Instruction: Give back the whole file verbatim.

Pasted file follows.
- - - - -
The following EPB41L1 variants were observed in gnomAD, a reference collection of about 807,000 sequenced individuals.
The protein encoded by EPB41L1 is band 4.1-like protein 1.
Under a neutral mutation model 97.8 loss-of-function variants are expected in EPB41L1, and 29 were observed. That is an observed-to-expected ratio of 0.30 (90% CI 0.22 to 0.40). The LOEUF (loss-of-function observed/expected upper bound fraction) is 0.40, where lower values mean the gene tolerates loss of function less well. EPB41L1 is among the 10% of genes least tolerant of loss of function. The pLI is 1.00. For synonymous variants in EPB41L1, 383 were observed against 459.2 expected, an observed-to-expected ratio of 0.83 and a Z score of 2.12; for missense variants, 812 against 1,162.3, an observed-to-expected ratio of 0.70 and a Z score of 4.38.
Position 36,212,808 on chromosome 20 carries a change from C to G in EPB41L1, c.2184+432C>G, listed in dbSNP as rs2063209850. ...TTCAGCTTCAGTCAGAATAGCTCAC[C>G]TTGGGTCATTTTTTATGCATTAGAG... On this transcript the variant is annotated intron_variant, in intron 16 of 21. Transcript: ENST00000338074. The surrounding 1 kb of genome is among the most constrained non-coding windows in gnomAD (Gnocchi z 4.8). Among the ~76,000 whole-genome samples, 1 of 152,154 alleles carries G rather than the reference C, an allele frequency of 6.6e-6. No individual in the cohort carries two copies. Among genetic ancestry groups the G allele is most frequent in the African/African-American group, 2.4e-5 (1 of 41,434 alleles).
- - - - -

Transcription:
The following EPB41L1 variants were observed in gnomAD, a reference collection of about 807,000 sequenced individuals.
The protein encoded by EPB41L1 is band 4.1-like protein 1.
Under a neutral mutation model 97.8 loss-of-function variants are expected in EPB41L1, and 29 were observed. That is an observed-to-expected ratio of 0.30 (90% CI 0.22 to 0.40). The LOEUF (loss-of-function observed/expected upper bound fraction) is 0.40, where lower values mean the gene tolerates loss of function less well. EPB41L1 is among the 10% of genes least tolerant of loss of function. The pLI is 1.00. For synonymous variants in EPB41L1, 383 were observed against 459.2 expected, an observed-to-expected ratio of 0.83 and a Z score of 2.12; for missense variants, 812 against 1,162.3, an observed-to-expected ratio of 0.70 and a Z score of 4.38.
Position 36,212,808 on chromosome 20 carries a change from C to G in EPB41L1, c.2184+432C>G, listed in dbSNP as rs2063209850. ...TTCAGCTTCAGTCAGAATAGCTCAC[C>G]TTGGGTCATTTTTTATGCATTAGAG... On this transcript the variant is annotated intron_variant, in intron 16 of 21. Transcript: ENST00000338074. The surrounding 1 kb of genome is among the most constrained non-coding windows in gnomAD (Gnocchi z 4.8). Among the ~76,000 whole-genome samples, 1 of 152,154 alleles carries G rather than the reference C, an allele frequency of 6.6e-6. No individual in the cohort carries two copies. Among genetic ancestry groups the G allele is most frequent in the African/African-American group, 2.4e-5 (1 of 41,434 alleles).